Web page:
Students to build geodesic dome

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JAY — Eighth-graders at the middle school are going to build a geodesic dome with the help of teachers and community members. The plan is to use it to grow vegetables and flowers and learn how to sustain a garden.

A lead group of honors algebra and geometry students, including two seventh-graders, are working out the details for the project with help from teachers, Julie and Rob Taylor, husband and wife, who also have children involved in the project.

The group has received funds from Time Warner Cable and the Maine Commission for Community Services, 21st Century Tiger After School Program and the Partnerships for Success Gear Up Program. The entire project will cost about $11,000, Rob Taylor said.

There is a public planning meeting at 7 p.m. on Tuesday, May 4, in the middle school cafeteria. The hope is that community members will attend and then help students build the dome in June. Other grades will also be involved in some way.

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Lead students in Julie Taylor’s math class worked on follow-up packets on Wednesday for the dome project.

“We started by getting a grant from Time Warner for $4,000,” said eighth-grader Erik Taylor, the Taylors’ son. “Me and Dustin Jones helped dad write the grant.”

They bought a dome kit with the money, Jones said.

Jay Public Works Foreman John Johnson has met with students to discuss the project. The town crew will do the excavating and other related work.

The plan is to use crushed glass from the town’s recycling center as a base, eighth-grader Corey Ridly said.

“We’ll use it instead of gravel. The glass is all rounded off and has no sharp edges. It will be all packed down and will make a good foundation,” Jones said. “I’m pretty sure we’re going to put gravel on top of it.”

All eighth-graders are either learning or will be learning how to build a geodesic dome. The class recently visited a geodesic dome at Lincoln Middle School in Portland to see what it looked like, student Kayla Meserve said.

That dome had a tiled floor and a compass rose embedded in it, she said.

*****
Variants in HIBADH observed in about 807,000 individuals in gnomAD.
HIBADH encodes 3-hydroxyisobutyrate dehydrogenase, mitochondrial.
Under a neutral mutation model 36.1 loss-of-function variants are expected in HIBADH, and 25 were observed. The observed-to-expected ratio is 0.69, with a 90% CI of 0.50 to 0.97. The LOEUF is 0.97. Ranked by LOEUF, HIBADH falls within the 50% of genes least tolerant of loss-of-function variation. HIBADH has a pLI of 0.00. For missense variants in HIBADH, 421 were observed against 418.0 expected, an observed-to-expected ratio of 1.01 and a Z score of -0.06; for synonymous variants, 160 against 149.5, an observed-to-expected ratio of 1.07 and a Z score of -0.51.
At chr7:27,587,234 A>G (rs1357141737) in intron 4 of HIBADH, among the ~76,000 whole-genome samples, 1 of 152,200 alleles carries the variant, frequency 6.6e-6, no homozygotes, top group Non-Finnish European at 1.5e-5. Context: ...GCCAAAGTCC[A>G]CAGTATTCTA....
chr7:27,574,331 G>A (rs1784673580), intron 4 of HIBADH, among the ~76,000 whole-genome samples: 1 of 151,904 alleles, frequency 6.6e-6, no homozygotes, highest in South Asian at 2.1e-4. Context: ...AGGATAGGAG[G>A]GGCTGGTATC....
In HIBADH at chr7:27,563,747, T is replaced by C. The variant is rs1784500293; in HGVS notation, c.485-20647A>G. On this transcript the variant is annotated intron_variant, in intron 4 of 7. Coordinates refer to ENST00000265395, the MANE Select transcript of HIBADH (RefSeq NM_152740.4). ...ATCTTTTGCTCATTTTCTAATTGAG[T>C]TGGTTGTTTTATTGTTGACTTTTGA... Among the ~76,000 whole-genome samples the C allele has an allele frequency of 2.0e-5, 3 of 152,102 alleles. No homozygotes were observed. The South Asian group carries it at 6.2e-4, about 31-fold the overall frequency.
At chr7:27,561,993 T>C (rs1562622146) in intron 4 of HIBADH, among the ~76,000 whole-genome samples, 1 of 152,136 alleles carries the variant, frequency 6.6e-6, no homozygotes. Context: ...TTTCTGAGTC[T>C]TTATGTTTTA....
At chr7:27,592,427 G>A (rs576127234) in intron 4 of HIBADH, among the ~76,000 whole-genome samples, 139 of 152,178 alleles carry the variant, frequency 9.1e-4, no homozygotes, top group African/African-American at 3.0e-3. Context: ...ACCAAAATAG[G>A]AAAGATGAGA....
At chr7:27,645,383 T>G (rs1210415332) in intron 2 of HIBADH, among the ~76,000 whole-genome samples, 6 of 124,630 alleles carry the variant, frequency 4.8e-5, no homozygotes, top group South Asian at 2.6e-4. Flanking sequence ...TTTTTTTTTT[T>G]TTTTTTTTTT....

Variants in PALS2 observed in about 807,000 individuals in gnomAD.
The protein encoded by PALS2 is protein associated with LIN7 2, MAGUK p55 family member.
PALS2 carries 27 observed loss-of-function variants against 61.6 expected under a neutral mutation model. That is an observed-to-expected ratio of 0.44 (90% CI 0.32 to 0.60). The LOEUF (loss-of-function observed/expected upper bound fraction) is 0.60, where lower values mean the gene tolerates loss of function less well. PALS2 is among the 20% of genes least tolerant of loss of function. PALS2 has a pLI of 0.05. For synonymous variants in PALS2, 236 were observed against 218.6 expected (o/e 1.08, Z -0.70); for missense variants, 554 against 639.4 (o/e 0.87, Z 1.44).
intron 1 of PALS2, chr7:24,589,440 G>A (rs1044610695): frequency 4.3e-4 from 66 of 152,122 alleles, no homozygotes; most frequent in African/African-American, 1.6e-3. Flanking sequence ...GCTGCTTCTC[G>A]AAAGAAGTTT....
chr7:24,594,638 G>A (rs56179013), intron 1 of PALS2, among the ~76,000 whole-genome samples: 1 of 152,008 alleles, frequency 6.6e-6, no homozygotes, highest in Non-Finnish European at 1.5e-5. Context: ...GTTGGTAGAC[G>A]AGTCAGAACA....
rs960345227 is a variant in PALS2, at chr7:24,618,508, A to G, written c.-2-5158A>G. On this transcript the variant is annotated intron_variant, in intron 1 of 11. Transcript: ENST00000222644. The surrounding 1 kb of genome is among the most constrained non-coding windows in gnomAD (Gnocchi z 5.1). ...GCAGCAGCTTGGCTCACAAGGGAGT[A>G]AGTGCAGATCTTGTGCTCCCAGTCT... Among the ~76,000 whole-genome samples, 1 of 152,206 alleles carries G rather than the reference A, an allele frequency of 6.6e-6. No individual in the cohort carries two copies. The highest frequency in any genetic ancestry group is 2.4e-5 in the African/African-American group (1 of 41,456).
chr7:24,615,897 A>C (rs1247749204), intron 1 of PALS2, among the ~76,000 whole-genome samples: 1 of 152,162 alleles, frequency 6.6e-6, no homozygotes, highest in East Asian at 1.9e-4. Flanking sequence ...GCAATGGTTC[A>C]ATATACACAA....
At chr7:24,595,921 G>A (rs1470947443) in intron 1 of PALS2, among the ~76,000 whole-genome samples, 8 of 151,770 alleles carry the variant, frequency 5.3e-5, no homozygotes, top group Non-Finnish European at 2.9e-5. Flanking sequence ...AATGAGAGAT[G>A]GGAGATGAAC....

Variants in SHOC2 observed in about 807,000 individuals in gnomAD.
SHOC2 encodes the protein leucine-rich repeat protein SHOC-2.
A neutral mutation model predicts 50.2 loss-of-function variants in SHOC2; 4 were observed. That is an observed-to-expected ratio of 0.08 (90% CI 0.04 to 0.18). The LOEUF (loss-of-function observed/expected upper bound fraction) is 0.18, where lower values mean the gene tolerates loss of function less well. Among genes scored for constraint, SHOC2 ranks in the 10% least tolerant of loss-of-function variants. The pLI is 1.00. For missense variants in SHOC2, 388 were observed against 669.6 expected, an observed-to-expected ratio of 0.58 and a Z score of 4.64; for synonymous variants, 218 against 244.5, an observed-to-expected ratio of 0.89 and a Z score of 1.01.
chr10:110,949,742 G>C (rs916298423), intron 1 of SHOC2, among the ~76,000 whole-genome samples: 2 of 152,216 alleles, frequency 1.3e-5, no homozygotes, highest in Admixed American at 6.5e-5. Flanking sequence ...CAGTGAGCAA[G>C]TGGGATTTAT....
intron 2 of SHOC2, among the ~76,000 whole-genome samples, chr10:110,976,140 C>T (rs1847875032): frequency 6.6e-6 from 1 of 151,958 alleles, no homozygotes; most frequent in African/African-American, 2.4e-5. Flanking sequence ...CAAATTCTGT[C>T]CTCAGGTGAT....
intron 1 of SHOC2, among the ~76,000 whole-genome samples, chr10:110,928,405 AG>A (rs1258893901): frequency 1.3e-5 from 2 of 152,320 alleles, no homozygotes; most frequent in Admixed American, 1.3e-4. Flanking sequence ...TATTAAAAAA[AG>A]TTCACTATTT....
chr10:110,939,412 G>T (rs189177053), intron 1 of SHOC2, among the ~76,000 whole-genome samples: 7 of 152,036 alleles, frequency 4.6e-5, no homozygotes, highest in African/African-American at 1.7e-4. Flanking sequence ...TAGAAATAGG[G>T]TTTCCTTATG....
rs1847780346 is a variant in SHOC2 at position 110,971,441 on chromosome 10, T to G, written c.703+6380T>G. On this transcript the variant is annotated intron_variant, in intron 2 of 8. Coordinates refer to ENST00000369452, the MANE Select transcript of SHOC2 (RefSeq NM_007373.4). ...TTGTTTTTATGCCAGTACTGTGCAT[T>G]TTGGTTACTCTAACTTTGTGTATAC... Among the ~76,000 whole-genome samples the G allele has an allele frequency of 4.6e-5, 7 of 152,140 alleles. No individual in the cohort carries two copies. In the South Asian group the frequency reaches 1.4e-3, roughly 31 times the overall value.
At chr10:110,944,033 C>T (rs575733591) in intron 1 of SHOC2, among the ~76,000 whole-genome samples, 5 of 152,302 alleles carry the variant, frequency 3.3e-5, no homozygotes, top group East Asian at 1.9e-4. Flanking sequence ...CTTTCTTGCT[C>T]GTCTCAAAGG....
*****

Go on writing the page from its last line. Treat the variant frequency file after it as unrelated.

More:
It had radiant heat in the flooring, Emily Taylor, the Taylors’ daughter, said.

The dome they plan to build is going to be 24 feet in diameter and 10-feet, 10-inches high, Jones said.

It will have 2-by-3 wood struts to make the triangular frames, Lexan glass triangular panels to go in the frames, and aluminum for the hubs to connect the struts, he said.

All the Lexan panels are double glazed, which means it is more effective in retaining heat, Jones said.

The dome will be built outside near a smaller, existing greenhouse.

It will be used as a classroom to let students interact with the plants, and to find out how it all works, Emily Taylor said.

“We’ve been doing a lot of projects with dome work trying to understand structures and the how the sunlight reflects on shapes,” student Lucas Preble said.

The lead team experimented with toothpicks, gum drops and Gummy Bears to build different shaped structures and domes.

They also built a paper geodesic dome model out of five pieces of paper and learned how they needed to cut the paper and toothpicks to fit the shapes.

“We had to use different sized toothpicks,” seventh-grader Tyler Ritter said, to find the right shape.

They cut toothpicks in different sizes and made hexagon and pentagon shaped panels as they worked to get the right shape, Sydney Bishop said.

“We had to calculate the angles and the shapes to build the geodesic dome,” seventh-grader Noah Parker said.

dperry@sunjournal.com

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